A proposed Republican overhaul of No Child Left Behind could take millions in federal funding away from needy schools, according to an analysis released Wednesday by the Center for American Progress, an independent nonpartisan group based in Washington, D.C. The plan from Sen. Lamar Alexander, R-Tenn., would allow states to give school districts the same amount of per-student federal money based on their total number of low-income kids. Schools currently base Title I, Part A allocations on the number and concentration of poor students in an area under the Elementary and Secondary Education Act, also known as No Child Left Behind.
"The Republican proposal to fix NCLB would give states the option — not mandate — to take federal dollars and let those dollars follow children to the schools they attend," Alexander, chairman of the Senate's Health, Education, Labor and Pensions committee, told NPR last year. "We want to expand choice, but my view is that the federal government shouldn't mandate it."
The new policy, called portability, could cause districts with large low-income populations to lose an average of $85 per student if their states opt out of the Title I funding procedure. If all 50 states opted out, school districts with poverty rates above 30 percent would lose money. The worst-off school districts could lose more than $675 million, according to the analysis, and students could leave them for more affluent areas. This could cause problems because "simply put, the challenges that low-income students face are significantly greater when the majority of their classmates are also low income," wrote Max Marchitello and Rob Hanna, the authors of the Center for American Progress brief.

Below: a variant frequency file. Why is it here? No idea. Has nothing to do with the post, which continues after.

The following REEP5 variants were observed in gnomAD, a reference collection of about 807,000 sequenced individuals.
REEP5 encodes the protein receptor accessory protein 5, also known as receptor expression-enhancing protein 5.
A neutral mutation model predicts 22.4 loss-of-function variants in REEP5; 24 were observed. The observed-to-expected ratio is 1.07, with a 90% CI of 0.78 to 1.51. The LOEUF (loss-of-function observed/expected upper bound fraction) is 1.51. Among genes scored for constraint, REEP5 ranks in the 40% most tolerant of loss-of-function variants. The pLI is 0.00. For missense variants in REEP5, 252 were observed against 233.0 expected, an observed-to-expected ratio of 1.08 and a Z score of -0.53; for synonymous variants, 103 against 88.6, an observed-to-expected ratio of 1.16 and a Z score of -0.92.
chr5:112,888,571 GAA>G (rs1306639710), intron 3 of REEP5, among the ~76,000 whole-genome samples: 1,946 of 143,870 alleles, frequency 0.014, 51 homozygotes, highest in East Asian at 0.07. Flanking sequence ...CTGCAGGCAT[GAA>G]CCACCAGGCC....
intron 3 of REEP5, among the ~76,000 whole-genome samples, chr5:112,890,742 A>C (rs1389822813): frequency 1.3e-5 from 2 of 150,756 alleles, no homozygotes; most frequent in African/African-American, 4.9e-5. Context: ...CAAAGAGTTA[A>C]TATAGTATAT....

School districts and departments in big urban areas would be among the places most affected by portability. New York City, where 30 percent of 1.2 million students live in poverty, would surrender an estimated $312 per poor student for a total loss of $116 million. Los Angeles, where 31 percent of 740,000 students come from poor families, could give up $75 million. Chicago, where a third of 420,000 kids are low-income, would lose $64 million, according to the report.
At the same time, wealthier districts could see increased resources, Hanna said in the brief. They could gain an average of $290 more per student. Maryland's Montgomery County Public Schools, where 9 percent of 173,000 students live in poverty, could get an additional $3.4 million. The Palm Beach County school district in Florida, where a fifth of the 200,000 students are poor, could have $808,000 more.
Alexander, who spent two years as the national education secretary under former President George H. W. Bush, is pushing to have revamped versions of the Elementary and Secondary Education Act on the floors of the Senate and House by the end of this month.